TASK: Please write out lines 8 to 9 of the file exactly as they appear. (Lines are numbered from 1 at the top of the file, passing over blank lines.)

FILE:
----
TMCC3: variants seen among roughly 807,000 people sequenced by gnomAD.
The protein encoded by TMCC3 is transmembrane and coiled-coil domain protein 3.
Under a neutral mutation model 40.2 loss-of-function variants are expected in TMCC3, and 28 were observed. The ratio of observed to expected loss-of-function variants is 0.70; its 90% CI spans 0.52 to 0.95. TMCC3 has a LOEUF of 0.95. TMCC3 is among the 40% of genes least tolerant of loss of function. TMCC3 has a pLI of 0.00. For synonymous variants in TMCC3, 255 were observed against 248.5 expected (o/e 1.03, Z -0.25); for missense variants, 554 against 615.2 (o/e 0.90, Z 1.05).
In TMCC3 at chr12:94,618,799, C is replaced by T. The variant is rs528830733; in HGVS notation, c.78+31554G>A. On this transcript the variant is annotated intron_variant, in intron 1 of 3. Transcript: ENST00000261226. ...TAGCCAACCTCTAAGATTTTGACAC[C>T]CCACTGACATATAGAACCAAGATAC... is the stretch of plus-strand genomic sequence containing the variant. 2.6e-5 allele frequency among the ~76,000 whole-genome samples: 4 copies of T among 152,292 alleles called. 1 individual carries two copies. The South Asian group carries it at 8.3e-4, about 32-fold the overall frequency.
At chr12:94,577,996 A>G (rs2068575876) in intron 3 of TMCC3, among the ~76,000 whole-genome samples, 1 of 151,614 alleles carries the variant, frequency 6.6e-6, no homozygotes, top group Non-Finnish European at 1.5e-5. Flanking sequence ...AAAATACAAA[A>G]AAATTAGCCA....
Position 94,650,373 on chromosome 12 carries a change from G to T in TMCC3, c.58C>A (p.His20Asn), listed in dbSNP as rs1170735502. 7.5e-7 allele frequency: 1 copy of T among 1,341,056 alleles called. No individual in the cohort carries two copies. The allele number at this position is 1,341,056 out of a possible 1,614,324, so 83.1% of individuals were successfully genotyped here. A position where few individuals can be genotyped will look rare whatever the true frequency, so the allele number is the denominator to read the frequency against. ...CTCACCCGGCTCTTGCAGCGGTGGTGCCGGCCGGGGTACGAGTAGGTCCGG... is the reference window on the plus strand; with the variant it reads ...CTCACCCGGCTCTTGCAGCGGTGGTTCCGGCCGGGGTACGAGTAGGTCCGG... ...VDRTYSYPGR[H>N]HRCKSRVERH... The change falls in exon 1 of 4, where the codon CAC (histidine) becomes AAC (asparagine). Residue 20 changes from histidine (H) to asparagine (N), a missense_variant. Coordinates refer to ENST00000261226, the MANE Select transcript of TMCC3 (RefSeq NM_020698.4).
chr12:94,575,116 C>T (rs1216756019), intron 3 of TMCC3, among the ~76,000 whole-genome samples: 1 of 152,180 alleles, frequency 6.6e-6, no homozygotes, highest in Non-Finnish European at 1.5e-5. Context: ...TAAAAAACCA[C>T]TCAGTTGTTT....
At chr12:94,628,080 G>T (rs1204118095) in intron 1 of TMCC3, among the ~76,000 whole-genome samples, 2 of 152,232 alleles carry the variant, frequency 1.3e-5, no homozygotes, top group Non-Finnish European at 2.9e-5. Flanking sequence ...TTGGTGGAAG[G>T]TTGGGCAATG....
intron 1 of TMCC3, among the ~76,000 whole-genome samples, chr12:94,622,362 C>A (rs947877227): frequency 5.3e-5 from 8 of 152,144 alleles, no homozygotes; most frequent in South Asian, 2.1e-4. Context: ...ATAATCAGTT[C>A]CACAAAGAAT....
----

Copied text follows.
At chr12:94,628,080 G>T (rs1204118095) in intron 1 of TMCC3, among the ~76,000 whole-genome samples, 2 of 152,232 alleles carry the variant, frequency 1.3e-5, no homozygotes, top group Non-Finnish European at 2.9e-5. Flanking sequence ...TTGGTGGAAG[G>T]TTGGGCAATG....
intron 1 of TMCC3, among the ~76,000 whole-genome samples, chr12:94,622,362 C>A (rs947877227): frequency 5.3e-5 from 8 of 152,144 alleles, no homozygotes; most frequent in South Asian, 2.1e-4. Context: ...ATAATCAGTT[C>A]CACAAAGAAT....